Wings Gaming proved to be amazing contenders for the TI5 Chinese qualifiers. They surprised everyone when they placed second in their group phase, topping HGT and TongFu. The team advanced to the playoffs, but were eliminated by Energy Pacemakers in the lower bracket finals, 1:2.
CDEC proved to be amazing contenders for the spot. Going into the series, they were the lowest ranked in their group in terms of win-rates and successful encounters against the other teams they would compete with. However, they would surprise everyone. CDEC topped their group with 12 points. They went undefeated through the entire group phase of the qualifiers and managed to advance into the Grand Finals and take the Chinese Wild Card slot.
compLexity was in the same group as both Mousesports – the utmost favorites, and Root Gaming – who had high hopes with veteran players Brian “FLUFFNSTUFF” Lee and Tyler “TC” Cook. compLexity lost only one game in the group stage and swept NAR, 3:0, in the Grand Finals.
6. Teams, players, organizations don’t seem to have long term plans
“Post TI reshuffle” is infamous for creating havoc within the teams that did not fare as well as they would have liked to during the event. When the dream falls apart, so does everything else. Most often teams will change rosters or completely disband.
This year, the changes started even earlier, after the Open Qualifiers.
Teams, players, organizations are still chaotic and don’t seem to have long term plans. Organizations will pick up teams with the hopes of having representation at the event and have little interest in supporting them through the rest of the year. Players look for a team that may not be suited for them in the best way, but has potential with individual skill or fame, resulting in internal conflicts and lack of cohesion.
Despite forming under these types of circumstances, teams and players often expect to win the qualifiers and disband if they don’t, instead of sticking together to increase their chances for the next TI. They continue to shuffle around and repeat the pattern again the following year.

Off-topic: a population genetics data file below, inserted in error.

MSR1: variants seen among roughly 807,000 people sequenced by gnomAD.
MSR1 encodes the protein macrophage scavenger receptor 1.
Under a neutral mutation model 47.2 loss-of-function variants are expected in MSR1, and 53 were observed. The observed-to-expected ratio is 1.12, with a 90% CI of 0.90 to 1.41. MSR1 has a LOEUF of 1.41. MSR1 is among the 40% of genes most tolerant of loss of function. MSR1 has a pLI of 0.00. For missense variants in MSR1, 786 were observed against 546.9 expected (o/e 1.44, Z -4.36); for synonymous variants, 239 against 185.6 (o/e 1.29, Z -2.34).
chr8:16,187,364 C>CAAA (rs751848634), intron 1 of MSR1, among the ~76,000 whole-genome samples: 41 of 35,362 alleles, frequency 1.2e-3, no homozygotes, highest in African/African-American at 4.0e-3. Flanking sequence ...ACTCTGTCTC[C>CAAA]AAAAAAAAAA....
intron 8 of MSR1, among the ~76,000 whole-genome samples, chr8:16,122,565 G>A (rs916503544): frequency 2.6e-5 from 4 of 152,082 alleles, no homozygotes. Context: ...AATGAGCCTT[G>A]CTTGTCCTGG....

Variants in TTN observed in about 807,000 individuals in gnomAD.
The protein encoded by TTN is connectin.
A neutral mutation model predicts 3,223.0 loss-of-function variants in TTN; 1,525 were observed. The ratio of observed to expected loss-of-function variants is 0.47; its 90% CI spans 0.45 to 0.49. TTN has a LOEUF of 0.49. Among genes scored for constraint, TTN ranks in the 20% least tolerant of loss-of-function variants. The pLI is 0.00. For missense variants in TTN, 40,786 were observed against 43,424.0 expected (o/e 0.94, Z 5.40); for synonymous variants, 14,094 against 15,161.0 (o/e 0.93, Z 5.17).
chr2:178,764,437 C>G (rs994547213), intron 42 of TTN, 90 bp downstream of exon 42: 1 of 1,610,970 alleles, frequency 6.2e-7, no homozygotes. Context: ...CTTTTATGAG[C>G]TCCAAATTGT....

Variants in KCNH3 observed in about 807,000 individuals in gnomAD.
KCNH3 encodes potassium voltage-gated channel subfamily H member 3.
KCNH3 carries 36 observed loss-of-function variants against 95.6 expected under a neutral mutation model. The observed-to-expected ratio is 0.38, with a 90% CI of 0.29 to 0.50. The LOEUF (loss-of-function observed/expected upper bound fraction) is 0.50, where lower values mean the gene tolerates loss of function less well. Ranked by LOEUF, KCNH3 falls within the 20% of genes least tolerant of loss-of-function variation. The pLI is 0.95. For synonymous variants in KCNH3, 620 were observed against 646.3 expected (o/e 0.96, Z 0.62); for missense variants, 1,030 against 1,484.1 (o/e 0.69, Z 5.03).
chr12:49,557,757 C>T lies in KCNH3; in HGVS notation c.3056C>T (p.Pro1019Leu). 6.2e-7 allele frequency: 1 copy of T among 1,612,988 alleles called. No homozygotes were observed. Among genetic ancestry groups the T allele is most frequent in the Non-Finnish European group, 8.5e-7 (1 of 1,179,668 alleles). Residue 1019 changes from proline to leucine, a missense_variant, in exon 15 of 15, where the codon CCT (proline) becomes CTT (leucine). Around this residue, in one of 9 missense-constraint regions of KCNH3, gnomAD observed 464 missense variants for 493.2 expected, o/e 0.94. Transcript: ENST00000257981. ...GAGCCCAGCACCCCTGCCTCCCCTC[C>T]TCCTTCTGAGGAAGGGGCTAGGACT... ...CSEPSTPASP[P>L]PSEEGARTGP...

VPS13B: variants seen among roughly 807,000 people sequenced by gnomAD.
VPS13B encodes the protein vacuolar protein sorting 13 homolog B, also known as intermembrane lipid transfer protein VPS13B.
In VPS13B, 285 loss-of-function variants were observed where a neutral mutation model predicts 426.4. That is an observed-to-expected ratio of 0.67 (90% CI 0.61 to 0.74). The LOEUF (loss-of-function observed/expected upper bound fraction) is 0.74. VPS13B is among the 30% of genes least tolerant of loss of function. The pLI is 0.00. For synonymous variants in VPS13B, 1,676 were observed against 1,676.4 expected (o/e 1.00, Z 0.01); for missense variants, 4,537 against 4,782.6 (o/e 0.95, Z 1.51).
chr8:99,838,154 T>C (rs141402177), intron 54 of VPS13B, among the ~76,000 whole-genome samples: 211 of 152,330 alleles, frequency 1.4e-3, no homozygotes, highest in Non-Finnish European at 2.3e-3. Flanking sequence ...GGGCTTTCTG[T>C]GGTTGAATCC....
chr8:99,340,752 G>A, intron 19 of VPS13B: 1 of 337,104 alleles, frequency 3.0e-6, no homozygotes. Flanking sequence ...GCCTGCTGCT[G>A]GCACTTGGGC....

4 Clovers & Lepricon have already seen their roster change immediately following the open qualifiers.
Summer’s Rift failed to advance to the main regional qualifiers and then underwent yet another roster change.
Basically Unknown disbanded merely days ago, citing that they had all chosen to go in different directions and the split had been amicable.
Hi everyone, we are sad to say that Basically unknown is no longer. It has been a great time, thank you to everyone involved with us!
— Basically Unknown (@BU_Dota) June 2, 2015
5Eva had announced that they were disbanding after they failed to qualify for TI5.
The team's probably not gonna stay together and I'll probably take a short 2 weeks break before playing. Thanks for supporting team 5eva! 🙂
— Meracle (@Meraclee) May 30, 2015
Can’t say wips disbanded after Darcy “Godot” Jose parted ways with the team within a day of the TI5 SEA qualifiers finals.
Mousesports’ Qojqva announced that he would be taking an indefinite leave of absence from competitive gaming.
DotaBlast sources close to Yellow Submarine confirm that there is a significant roster change occurring within the team, with only half of the TI5 qualifying team staying together. Replacements have already been approached and some plans seem to be in the making to reform the team.